The role of the media was highlighted recently by Lawrence during her promotional tour for Catching Fire, the second Hunger Games movie. In early November, responding to an audience member asking for advice about body image and how to deal with people disparaging others about their body size, Lawrence responded:
“Well, screw those people. “It’s something that everybody experiences. I experienced it in school. The world has a certain idea — we see this airbrushed perfect model image. … You just have to look past it. You look how you look. And be comfortable. What are you gonna do, be hungry every single day to make other people happy? That’s just dumb.”
“And there’s shows like the ‘Fashion Police’ and things like that are just showing these generations of young people to judge people based on things… that they put values in all the things that are wrong and that it’s OK to point at people and call them ugly and call them fat and they call it ‘fun’ and ‘welcome to the real world.’ And it’s like, that shouldn’t be the real world. That’s going to keep being the real world if you keep it that way. It’s not until we stop treating each other like that and just stop calling each other fat … with these unrealistic expectations for women. It’s disappointing that the media keeps it alive and fuels that fire.”
Lawrence’s outspoken views on body image should be welcomed. Far too often the role models for young women and young girls, promoted in pop culture, in films, the media and advertising are ones which promote negative imaging and sexist stereotypes which are detrimental to young girls and women. The main message which is presented is that women’s bodies are merely decorative ornaments and that women and girls bodies are simply there to titillate and to sell products. This is because sexism is embedded in the capitalist system, with gender stereotypes portraying women as nothing more than decorations and sexual objects and/or squeezing them into particular roles (such as mother and wife) being enforced from a young age.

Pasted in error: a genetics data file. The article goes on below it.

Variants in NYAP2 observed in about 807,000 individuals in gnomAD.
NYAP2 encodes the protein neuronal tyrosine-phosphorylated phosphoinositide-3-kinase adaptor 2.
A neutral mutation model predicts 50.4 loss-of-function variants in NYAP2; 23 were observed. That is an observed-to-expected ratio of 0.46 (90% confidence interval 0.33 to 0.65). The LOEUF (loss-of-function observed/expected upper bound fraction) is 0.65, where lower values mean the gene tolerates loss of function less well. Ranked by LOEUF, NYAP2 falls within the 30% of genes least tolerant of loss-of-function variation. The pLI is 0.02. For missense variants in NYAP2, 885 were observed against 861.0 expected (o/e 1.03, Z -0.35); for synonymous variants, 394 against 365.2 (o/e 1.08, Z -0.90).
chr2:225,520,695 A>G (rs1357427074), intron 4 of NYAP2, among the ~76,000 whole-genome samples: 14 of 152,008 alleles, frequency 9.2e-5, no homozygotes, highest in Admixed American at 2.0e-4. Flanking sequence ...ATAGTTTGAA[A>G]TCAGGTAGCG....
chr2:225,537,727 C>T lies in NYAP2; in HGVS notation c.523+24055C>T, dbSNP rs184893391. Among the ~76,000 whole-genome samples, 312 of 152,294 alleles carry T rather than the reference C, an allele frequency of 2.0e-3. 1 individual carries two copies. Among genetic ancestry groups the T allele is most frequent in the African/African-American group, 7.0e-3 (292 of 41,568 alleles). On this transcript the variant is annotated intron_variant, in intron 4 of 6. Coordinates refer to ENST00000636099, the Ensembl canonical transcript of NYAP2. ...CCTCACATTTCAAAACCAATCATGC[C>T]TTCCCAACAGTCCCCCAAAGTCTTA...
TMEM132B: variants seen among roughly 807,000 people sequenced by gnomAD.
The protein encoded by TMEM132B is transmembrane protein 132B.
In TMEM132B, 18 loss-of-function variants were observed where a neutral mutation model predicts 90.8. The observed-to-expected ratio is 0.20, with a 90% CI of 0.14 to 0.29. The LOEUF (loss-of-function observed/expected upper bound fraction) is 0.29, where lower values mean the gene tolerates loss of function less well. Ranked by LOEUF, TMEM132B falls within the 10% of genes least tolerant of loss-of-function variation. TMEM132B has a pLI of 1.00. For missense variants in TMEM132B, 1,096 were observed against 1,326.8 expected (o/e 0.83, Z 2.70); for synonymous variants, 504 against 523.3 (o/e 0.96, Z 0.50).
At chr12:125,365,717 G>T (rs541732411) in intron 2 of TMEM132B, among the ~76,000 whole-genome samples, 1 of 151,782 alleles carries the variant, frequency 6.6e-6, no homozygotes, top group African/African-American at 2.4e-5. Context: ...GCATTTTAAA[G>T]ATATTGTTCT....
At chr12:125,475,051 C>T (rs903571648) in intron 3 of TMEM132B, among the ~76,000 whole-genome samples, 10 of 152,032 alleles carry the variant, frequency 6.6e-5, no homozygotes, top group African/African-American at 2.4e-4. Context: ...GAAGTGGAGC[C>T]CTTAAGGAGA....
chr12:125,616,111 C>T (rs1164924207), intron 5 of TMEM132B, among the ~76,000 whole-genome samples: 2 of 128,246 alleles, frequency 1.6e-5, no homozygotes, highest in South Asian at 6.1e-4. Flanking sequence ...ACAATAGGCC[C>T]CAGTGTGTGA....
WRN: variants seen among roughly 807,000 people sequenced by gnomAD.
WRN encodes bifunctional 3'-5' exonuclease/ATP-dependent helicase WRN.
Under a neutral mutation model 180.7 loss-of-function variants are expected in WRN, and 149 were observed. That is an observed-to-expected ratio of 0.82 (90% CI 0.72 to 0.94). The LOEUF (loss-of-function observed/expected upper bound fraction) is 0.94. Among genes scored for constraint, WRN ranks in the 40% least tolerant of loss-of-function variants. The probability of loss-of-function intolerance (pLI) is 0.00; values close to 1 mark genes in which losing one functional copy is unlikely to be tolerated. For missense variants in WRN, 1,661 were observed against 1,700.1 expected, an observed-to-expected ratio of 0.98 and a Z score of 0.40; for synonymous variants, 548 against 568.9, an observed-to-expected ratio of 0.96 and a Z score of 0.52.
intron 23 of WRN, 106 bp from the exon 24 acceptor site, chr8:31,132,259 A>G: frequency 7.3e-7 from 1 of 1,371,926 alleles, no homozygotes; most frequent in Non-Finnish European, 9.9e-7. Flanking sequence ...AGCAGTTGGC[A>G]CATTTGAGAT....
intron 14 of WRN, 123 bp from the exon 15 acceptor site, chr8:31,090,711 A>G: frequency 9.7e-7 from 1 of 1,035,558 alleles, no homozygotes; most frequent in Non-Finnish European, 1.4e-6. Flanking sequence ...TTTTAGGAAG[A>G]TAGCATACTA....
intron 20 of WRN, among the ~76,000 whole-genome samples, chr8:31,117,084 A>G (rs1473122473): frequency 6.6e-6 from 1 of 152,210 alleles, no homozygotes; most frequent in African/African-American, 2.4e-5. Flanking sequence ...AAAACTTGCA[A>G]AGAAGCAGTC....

Under capitalism, sexism is not just an individual personal experience, instead it is as result of deeply embedded structural inequalities embedded in the capitalist system which marginalise and oppress women. The sexism we see on our television and movie screens, on advertising billboards are just but one manifestation of sexism that exist within our society under capitalism.
Sexism and the oppression of women under capitalism is also evident, for example, in the disparity amongst the wages that are paid to men and women. In Australia, for example, on average women make approximately 83% of the male wage. Female dominated industries, particularly those in “caring jobs” such as nursing and teaching are the most undervalued economically, socially and politically. Sexism can also be found in the home and family. Studies have shown that women still do three times as much childcare and housework as men, with women being disproportionately responsible for childcare, cooking, cleaning and looking after the elderly. The unpaid labour of women in the home, across Australia, amounts to approximately 50% of the GDP.
The marginalisation and oppression of women in the home and in employment works to benefit those profiting from capitalism. Under capitalism, not only is the second class status of women reinforced and maintained through the structural inequality within the system but also by capitalist industries such as the beauty and diet industries which make billions of dollars off women by appealing to and cultivating their insecurities. These insecurities are reinforced ideologically through the mediums of film, television, advertising and other media.
Lawrence’s refusal, like Kate Winselt, to bow to unreasonable expectations of weight loss and her outspokenness in relation to positive body image is a breath of fresh air and should be applauded.